It’s refreshing to come across genera that are easily diagnosable.
This is Aloconota, an athetine (maybe, haven’t looked at their naughty bits) that may be collected in debris in riparian areas. Aloconota are unique in having empodium (that elongate seta-like projection that grows between the “toes” or claws of the beetle) that are longer than the length of pretarsus, giving them the appearance of having three claws at low magnification.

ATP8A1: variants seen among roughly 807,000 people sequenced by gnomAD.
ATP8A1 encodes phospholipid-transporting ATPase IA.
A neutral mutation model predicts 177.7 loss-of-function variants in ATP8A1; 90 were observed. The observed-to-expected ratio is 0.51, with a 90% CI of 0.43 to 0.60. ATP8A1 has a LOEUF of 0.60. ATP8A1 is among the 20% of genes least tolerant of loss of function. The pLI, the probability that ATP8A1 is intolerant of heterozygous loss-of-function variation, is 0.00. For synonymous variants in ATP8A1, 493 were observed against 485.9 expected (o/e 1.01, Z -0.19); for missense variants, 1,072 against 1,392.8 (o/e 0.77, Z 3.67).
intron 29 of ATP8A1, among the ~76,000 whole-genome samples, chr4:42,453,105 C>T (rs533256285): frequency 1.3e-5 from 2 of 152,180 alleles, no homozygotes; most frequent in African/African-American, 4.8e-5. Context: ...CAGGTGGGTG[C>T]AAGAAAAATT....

So far I have not seen many in collections and I have never collected them myself. I don’t think they’re too widespread, they may be locally abundant.
Specimen courtesy of Ken Karns collection.